IN THE STUDIO (AT LAST)
Sadami suggested I should "take it easy" with theThree Women I was painting in watercolor. Her comment got me thinking: the ability to make corrections with a medium is very important. Oils dry so slowly, you can scape off the offensive spots and turp them down to the canvas if need be. With Acrylics, you can "white out"; you can totally remove the paint with alcohol. What can you do when you've been heavy handed or your shadows are too dark and you wish to lighten them up when working in watercolor?
Then, since I didn't care about the painting at all, I went further and put the whole thing under full pressure, running water for two or three minutes. When I lifted it out, the only colors that remained were the staining pigments, (fig.2).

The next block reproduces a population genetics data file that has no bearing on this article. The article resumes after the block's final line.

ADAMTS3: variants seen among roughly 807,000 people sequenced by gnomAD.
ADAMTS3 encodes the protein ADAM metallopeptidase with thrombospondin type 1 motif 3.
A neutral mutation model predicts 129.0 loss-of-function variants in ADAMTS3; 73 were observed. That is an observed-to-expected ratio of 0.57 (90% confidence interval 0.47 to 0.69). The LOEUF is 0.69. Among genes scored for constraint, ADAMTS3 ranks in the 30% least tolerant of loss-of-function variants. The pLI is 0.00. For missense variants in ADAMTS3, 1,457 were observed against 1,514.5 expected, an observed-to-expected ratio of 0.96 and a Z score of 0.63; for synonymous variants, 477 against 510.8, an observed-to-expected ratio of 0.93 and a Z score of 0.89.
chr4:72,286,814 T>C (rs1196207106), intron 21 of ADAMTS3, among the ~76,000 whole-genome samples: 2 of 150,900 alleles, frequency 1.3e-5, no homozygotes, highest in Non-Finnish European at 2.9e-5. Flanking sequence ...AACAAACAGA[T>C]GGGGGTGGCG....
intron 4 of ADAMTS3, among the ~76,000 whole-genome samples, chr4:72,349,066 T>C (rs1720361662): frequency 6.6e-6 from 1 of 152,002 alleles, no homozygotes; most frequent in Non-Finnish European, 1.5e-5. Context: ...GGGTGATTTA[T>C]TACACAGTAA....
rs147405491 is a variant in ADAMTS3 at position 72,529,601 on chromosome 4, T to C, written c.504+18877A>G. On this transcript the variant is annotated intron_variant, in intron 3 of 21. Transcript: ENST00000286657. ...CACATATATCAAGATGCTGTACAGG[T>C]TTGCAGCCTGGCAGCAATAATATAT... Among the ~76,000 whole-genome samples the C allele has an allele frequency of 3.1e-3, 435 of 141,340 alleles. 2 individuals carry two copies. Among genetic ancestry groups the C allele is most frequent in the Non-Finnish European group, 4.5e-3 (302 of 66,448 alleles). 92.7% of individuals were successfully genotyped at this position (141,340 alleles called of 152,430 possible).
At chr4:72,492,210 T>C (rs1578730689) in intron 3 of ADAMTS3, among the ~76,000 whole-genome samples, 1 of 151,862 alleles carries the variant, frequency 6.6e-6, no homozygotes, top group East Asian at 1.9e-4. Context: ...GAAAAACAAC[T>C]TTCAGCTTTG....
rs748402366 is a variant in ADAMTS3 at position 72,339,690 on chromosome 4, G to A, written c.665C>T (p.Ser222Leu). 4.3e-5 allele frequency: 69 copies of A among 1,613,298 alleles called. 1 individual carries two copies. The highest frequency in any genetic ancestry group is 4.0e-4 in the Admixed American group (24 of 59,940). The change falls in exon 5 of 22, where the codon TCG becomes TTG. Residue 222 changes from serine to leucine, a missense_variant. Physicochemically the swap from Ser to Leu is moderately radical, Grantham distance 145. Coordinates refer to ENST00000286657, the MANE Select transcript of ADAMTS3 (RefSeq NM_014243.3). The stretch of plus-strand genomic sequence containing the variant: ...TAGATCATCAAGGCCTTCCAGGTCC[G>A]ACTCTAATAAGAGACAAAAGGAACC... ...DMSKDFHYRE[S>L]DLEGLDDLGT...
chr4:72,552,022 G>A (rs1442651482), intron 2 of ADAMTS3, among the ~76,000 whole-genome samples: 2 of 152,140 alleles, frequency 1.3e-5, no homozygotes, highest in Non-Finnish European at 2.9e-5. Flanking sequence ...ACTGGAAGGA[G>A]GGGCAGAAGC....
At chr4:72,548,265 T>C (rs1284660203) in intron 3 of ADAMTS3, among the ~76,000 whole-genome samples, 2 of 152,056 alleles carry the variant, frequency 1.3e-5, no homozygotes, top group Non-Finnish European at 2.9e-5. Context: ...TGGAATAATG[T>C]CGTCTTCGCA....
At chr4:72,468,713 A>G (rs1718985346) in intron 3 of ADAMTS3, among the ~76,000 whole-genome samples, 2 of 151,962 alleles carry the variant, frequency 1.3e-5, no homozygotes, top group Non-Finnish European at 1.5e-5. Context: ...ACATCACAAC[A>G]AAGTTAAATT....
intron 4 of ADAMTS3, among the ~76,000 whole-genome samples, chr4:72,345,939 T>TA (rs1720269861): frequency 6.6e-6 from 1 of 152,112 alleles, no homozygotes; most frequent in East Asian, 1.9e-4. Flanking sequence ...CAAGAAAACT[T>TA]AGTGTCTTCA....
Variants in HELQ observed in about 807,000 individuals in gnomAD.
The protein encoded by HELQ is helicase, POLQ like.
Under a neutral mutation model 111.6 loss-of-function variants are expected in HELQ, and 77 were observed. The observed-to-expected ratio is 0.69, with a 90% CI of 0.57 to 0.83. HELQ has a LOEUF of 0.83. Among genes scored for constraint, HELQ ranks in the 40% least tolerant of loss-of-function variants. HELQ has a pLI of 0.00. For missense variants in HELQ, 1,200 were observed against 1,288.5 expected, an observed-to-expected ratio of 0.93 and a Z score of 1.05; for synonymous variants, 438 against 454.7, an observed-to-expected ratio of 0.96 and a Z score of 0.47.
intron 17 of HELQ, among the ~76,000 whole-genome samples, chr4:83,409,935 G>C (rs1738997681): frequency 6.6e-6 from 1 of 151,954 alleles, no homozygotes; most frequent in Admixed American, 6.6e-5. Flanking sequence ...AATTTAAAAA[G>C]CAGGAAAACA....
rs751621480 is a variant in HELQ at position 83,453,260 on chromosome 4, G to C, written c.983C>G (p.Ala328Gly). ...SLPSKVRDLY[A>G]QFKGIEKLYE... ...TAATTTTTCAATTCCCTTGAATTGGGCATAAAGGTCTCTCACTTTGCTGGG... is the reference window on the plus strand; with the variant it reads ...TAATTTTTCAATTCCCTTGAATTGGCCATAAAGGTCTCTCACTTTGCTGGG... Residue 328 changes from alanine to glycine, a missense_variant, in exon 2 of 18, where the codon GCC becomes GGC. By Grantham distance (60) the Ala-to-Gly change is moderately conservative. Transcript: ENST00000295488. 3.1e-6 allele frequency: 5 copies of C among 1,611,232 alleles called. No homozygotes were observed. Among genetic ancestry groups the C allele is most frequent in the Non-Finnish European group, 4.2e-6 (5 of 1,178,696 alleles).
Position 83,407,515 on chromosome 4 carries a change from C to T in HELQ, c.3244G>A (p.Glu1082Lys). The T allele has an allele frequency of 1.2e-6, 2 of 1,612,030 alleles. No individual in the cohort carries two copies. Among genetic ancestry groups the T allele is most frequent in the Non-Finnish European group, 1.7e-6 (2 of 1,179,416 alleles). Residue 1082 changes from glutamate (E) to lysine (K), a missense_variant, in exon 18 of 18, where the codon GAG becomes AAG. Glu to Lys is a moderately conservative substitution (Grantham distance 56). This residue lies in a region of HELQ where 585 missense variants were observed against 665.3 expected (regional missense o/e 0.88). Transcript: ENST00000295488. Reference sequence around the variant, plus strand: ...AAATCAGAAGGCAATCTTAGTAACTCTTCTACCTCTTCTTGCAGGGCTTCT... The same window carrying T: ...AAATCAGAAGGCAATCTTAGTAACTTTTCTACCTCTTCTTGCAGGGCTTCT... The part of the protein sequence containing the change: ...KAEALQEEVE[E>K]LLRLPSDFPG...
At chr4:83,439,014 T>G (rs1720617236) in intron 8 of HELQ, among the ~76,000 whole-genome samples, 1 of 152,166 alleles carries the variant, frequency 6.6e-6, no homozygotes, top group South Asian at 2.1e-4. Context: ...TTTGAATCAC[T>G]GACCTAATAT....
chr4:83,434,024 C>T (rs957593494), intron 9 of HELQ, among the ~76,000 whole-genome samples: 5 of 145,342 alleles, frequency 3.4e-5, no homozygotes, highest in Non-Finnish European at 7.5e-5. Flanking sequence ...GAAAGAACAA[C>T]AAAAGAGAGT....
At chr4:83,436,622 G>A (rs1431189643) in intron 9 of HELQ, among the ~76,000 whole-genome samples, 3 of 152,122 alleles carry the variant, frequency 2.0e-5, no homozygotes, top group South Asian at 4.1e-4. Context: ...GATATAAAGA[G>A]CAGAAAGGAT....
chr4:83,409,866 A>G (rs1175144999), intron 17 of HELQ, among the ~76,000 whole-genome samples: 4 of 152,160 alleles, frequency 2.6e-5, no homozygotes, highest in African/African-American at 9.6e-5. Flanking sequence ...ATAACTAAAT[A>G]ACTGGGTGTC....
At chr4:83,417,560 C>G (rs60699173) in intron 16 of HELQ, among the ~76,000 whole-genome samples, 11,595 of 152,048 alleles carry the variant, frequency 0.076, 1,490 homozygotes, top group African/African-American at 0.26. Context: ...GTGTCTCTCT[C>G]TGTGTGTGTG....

Experimenting with the subtractive technique was important. None of us is that perfect that screw-ups won't happen during the paint process and we won't want to redo. I just read someone's blog post who was chastising herself for making her shadows too dark; she had forgotten that shadows appear darker in photographs than they really are. She was working from a photograph,as was I. This bit of info also pushed me to test how subtractive watercolor is. Pretty subtractive was my conclusion after yesterday's studio session. Below is the painting as it is.